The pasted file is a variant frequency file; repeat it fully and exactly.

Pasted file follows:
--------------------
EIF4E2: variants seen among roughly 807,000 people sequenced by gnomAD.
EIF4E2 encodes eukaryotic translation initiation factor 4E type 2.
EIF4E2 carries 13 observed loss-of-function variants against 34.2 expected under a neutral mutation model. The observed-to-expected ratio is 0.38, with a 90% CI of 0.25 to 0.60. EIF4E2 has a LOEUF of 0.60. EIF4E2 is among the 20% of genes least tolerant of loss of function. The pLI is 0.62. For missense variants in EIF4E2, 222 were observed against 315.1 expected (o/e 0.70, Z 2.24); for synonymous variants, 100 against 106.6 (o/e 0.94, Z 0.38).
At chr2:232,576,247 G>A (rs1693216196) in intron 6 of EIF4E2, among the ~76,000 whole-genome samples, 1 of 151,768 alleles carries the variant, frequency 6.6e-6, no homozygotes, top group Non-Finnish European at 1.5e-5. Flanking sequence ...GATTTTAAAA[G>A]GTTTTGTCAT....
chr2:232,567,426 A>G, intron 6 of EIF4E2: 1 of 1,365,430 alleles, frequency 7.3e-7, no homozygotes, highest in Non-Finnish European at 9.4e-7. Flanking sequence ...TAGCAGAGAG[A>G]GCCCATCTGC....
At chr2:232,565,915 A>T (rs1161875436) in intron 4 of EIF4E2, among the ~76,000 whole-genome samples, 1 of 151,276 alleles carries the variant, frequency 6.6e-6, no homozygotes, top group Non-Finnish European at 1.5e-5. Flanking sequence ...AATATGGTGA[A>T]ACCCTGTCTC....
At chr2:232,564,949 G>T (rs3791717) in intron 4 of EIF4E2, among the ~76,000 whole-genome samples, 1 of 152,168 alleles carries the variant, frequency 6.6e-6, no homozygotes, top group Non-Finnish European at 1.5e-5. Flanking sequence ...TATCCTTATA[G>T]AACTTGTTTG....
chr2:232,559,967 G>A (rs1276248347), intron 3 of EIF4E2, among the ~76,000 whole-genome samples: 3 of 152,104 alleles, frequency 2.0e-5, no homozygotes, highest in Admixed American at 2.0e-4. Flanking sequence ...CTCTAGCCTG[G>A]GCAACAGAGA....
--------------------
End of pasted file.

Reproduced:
EIF4E2: variants seen among roughly 807,000 people sequenced by gnomAD.
EIF4E2 encodes eukaryotic translation initiation factor 4E type 2.
EIF4E2 carries 13 observed loss-of-function variants against 34.2 expected under a neutral mutation model. The observed-to-expected ratio is 0.38, with a 90% CI of 0.25 to 0.60. EIF4E2 has a LOEUF of 0.60. EIF4E2 is among the 20% of genes least tolerant of loss of function. The pLI is 0.62. For missense variants in EIF4E2, 222 were observed against 315.1 expected (o/e 0.70, Z 2.24); for synonymous variants, 100 against 106.6 (o/e 0.94, Z 0.38).
At chr2:232,576,247 G>A (rs1693216196) in intron 6 of EIF4E2, among the ~76,000 whole-genome samples, 1 of 151,768 alleles carries the variant, frequency 6.6e-6, no homozygotes, top group Non-Finnish European at 1.5e-5. Flanking sequence ...GATTTTAAAA[G>A]GTTTTGTCAT....
chr2:232,567,426 A>G, intron 6 of EIF4E2: 1 of 1,365,430 alleles, frequency 7.3e-7, no homozygotes, highest in Non-Finnish European at 9.4e-7. Flanking sequence ...TAGCAGAGAG[A>G]GCCCATCTGC....
At chr2:232,565,915 A>T (rs1161875436) in intron 4 of EIF4E2, among the ~76,000 whole-genome samples, 1 of 151,276 alleles carries the variant, frequency 6.6e-6, no homozygotes, top group Non-Finnish European at 1.5e-5. Flanking sequence ...AATATGGTGA[A>T]ACCCTGTCTC....
At chr2:232,564,949 G>T (rs3791717) in intron 4 of EIF4E2, among the ~76,000 whole-genome samples, 1 of 152,168 alleles carries the variant, frequency 6.6e-6, no homozygotes, top group Non-Finnish European at 1.5e-5. Flanking sequence ...TATCCTTATA[G>T]AACTTGTTTG....
chr2:232,559,967 G>A (rs1276248347), intron 3 of EIF4E2, among the ~76,000 whole-genome samples: 3 of 152,104 alleles, frequency 2.0e-5, no homozygotes, highest in Admixed American at 2.0e-4. Flanking sequence ...CTCTAGCCTG[G>A]GCAACAGAGA....